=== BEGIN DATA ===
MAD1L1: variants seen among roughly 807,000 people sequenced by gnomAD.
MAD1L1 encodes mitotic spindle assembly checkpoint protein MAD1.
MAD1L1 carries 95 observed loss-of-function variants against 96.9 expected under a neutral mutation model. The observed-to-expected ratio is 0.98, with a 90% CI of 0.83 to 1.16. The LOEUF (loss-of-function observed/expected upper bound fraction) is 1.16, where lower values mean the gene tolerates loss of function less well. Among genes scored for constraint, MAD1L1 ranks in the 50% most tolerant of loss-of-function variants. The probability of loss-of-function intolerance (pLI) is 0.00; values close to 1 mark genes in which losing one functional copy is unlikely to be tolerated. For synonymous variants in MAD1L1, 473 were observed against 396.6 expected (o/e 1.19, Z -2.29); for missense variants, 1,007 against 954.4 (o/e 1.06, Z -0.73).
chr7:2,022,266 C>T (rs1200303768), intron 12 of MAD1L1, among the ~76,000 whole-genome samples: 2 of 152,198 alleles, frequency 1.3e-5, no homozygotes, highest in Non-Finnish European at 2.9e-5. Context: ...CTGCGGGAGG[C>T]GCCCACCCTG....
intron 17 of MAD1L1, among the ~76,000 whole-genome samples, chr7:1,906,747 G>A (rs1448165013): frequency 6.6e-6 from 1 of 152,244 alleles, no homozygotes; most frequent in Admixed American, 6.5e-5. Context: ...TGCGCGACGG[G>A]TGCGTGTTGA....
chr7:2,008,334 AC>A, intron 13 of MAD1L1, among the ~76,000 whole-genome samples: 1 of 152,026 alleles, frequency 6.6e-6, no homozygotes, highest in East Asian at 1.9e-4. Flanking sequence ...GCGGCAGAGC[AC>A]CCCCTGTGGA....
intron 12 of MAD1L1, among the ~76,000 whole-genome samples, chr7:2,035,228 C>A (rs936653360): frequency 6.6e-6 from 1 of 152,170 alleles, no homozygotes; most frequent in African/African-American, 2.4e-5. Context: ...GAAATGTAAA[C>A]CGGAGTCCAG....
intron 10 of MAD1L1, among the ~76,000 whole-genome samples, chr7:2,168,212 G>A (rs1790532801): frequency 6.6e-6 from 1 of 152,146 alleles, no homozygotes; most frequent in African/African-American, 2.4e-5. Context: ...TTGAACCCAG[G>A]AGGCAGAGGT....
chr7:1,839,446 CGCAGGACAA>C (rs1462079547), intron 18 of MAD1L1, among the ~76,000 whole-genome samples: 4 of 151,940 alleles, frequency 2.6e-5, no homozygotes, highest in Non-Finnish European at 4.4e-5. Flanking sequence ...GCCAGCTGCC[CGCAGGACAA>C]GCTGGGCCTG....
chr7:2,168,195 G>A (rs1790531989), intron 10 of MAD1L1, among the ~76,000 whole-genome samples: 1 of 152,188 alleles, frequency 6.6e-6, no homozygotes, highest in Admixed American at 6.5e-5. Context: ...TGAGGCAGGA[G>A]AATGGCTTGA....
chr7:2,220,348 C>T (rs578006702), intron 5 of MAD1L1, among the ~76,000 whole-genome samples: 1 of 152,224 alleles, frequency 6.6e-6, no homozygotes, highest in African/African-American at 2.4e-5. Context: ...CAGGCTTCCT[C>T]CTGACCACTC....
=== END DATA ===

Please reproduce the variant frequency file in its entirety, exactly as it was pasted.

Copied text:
MAD1L1: variants seen among roughly 807,000 people sequenced by gnomAD.
MAD1L1 encodes mitotic spindle assembly checkpoint protein MAD1.
MAD1L1 carries 95 observed loss-of-function variants against 96.9 expected under a neutral mutation model. The observed-to-expected ratio is 0.98, with a 90% CI of 0.83 to 1.16. The LOEUF (loss-of-function observed/expected upper bound fraction) is 1.16, where lower values mean the gene tolerates loss of function less well. Among genes scored for constraint, MAD1L1 ranks in the 50% most tolerant of loss-of-function variants. The probability of loss-of-function intolerance (pLI) is 0.00; values close to 1 mark genes in which losing one functional copy is unlikely to be tolerated. For synonymous variants in MAD1L1, 473 were observed against 396.6 expected (o/e 1.19, Z -2.29); for missense variants, 1,007 against 954.4 (o/e 1.06, Z -0.73).
chr7:2,022,266 C>T (rs1200303768), intron 12 of MAD1L1, among the ~76,000 whole-genome samples: 2 of 152,198 alleles, frequency 1.3e-5, no homozygotes, highest in Non-Finnish European at 2.9e-5. Context: ...CTGCGGGAGG[C>T]GCCCACCCTG....
intron 17 of MAD1L1, among the ~76,000 whole-genome samples, chr7:1,906,747 G>A (rs1448165013): frequency 6.6e-6 from 1 of 152,244 alleles, no homozygotes; most frequent in Admixed American, 6.5e-5. Context: ...TGCGCGACGG[G>A]TGCGTGTTGA....
chr7:2,008,334 AC>A, intron 13 of MAD1L1, among the ~76,000 whole-genome samples: 1 of 152,026 alleles, frequency 6.6e-6, no homozygotes, highest in East Asian at 1.9e-4. Flanking sequence ...GCGGCAGAGC[AC>A]CCCCTGTGGA....
intron 12 of MAD1L1, among the ~76,000 whole-genome samples, chr7:2,035,228 C>A (rs936653360): frequency 6.6e-6 from 1 of 152,170 alleles, no homozygotes; most frequent in African/African-American, 2.4e-5. Context: ...GAAATGTAAA[C>A]CGGAGTCCAG....
intron 10 of MAD1L1, among the ~76,000 whole-genome samples, chr7:2,168,212 G>A (rs1790532801): frequency 6.6e-6 from 1 of 152,146 alleles, no homozygotes; most frequent in African/African-American, 2.4e-5. Context: ...TTGAACCCAG[G>A]AGGCAGAGGT....
chr7:1,839,446 CGCAGGACAA>C (rs1462079547), intron 18 of MAD1L1, among the ~76,000 whole-genome samples: 4 of 151,940 alleles, frequency 2.6e-5, no homozygotes, highest in Non-Finnish European at 4.4e-5. Flanking sequence ...GCCAGCTGCC[CGCAGGACAA>C]GCTGGGCCTG....
chr7:2,168,195 G>A (rs1790531989), intron 10 of MAD1L1, among the ~76,000 whole-genome samples: 1 of 152,188 alleles, frequency 6.6e-6, no homozygotes, highest in Admixed American at 6.5e-5. Context: ...TGAGGCAGGA[G>A]AATGGCTTGA....
chr7:2,220,348 C>T (rs578006702), intron 5 of MAD1L1, among the ~76,000 whole-genome samples: 1 of 152,224 alleles, frequency 6.6e-6, no homozygotes, highest in African/African-American at 2.4e-5. Context: ...CAGGCTTCCT[C>T]CTGACCACTC....